When given custody of her son’s two children in 2000, Lenora Clark had already learned enough to recognize that she was being given a second chance.
But when she enrolled in the Parenting Matters class offered through N.C. Cooperative Extension and taught by extension agent Sharon English, she realized that she may still have more to learn.
Earlier this year, Clark’s story was featured in “Solutions for North Carolina,” a publication showcasing the achievements of individuals through N.C. Cooperative Extension programs. In March, Clark shared her experience at N.C. A&T University at a state cooperative extension meeting.
Clark’s story will also be featured Monday night during the annual Report to the People by the Scotland County Cooperative Extension.
‘I was wrong’
“I raised my children, my sister’s children, my house was the block house,” Clark said. “I thought they couldn’t tell me any more than I already knew, but I was wrong.”
Clark refers to Courtney, 13, and Cody, 11, as her children, having raised them as her own while their parents serve long prison terms. When the course was initially recommended to her, Clark balked at the suggestion, but capitulated after remembering piece of advice offered by late Laurinburg attorney Charles Hicks when he assisted her in filing for custody of the children.
“He told me that day that I had a big responsibility and I did not want to let him down at all,” she said.
Parenting Matters focuses on understanding children’s emotional, social, and mental development, as well as helping parents understand their own parenting styles and developing communication skills.
“We do not get instruction manuals with our children, and we cannot operate under a one-size-fits-all style,” English said. “Coming to parenting classes does not mean that you are doing something wrong, it just means that you can learn more and find new techniques. This curriculum just gives lots of good tips and techniques and helps you identify your strengths and share them with your children.”
During the course, Clark altered her parenting style, discarding the methods used by her elders and opting for discussion rather than simply shouting.
“When I was coming up, if I’d done something wrong, you got it,” said Clark. “But these days, you just can’t do that, you have to explain to them why it was wrong and the consequences of what could or would have happened.”
Now, when a child’s grades slip below a B or Cody asks why he’s not allowed to go somewhere his sister is going, “because I said so” is no longer in Clark’s vocabulary. And meals taken as a family without the distraction of electronics are now a daily occurrence.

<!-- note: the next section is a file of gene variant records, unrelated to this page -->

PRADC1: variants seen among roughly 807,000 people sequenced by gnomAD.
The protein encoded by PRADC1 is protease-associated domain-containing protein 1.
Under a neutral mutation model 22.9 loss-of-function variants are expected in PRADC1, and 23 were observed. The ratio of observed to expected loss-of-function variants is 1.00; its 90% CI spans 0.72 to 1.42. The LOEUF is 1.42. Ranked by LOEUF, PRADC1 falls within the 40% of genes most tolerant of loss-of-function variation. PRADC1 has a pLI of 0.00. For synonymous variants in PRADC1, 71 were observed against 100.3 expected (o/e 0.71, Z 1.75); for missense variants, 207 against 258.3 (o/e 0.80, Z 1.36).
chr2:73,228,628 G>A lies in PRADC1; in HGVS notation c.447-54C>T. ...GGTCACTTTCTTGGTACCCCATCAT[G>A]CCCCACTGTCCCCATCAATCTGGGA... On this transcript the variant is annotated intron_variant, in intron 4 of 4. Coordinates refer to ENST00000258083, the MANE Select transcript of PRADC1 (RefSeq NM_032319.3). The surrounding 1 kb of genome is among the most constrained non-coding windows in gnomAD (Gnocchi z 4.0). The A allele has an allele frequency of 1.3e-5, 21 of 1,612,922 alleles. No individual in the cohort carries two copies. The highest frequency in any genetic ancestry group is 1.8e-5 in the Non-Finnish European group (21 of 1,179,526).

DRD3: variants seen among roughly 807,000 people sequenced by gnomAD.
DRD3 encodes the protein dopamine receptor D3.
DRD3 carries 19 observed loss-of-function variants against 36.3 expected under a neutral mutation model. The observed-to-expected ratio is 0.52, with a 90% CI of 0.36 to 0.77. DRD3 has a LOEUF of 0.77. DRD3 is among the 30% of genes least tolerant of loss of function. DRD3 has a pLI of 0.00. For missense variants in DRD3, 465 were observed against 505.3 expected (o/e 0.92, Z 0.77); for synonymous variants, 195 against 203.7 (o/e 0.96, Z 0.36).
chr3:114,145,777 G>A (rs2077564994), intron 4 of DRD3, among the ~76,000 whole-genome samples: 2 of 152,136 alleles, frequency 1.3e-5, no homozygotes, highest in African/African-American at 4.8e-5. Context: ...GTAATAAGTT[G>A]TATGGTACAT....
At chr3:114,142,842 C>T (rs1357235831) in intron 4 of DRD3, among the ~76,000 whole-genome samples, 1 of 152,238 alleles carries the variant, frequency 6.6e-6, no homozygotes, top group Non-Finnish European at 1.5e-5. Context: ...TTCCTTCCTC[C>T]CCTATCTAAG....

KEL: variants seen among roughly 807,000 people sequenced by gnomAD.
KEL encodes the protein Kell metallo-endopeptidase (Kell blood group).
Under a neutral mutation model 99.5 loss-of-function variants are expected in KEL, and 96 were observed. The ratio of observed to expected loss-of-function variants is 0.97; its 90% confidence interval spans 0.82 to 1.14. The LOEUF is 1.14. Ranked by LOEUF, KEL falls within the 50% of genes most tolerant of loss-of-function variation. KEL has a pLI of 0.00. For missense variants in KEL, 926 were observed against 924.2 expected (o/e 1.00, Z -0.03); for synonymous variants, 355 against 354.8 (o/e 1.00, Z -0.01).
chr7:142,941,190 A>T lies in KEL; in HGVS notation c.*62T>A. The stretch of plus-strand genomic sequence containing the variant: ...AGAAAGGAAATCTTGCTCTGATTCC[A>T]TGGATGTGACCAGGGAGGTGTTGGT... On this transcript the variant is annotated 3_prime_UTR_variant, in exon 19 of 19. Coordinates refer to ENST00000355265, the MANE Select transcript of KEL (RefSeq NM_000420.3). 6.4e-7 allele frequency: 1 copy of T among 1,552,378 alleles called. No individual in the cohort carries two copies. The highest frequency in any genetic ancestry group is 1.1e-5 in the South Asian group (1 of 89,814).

“A lot of things stuck with me, but one was to have one meal together with no TV, no telephone, no radio, no nothing,” Clark said. “It’s gotten to the point where my children look forward to that because we weren’t going to argue, we weren’t going to fuss, it was going to be positive.”
English said that the class, which is taught continuously, is attended increasingly by grandparents, as well as couples and single parents of both sexes. English remembers Clark taking to the instruction from the very first of the eight course sessions, and Clark’s success will one one of the highlights of the Scotland County cooperative extension center’s Annual Report to the People on Monday evening.
“I can remember how seriously she took her homework, how she developed her own notebook and took pride in that,” English said. I could see her grow and develop as the classes went on and she became like a mentor to others as she embraced the concepts that were being taught.”
Recalling the dinners and the trips to McDonald’s and the movies that would have been missed had she not stepped forward to raise her grandchildren, Clark said that more grandparents should be willing to assume that responsibility when necessary.
“If the circumstances came up that the parents were going to be out of the picture, I would hope that a grandparent would step up and say that the children are not going to be separated, and take them,” she said. For Courtney, who hopes to become an anesthesiologist, and Cody, who holds on to dreams of becoming a professional fisherman, Clark’s decision has made their aspirations possible.
“There were five of us kids and we always had what we needed, but I’m trying to break a cycle here,” Clark said. “I want them to go to school, I want them to go to college, I just want them to have opportunities that I didn’t have.”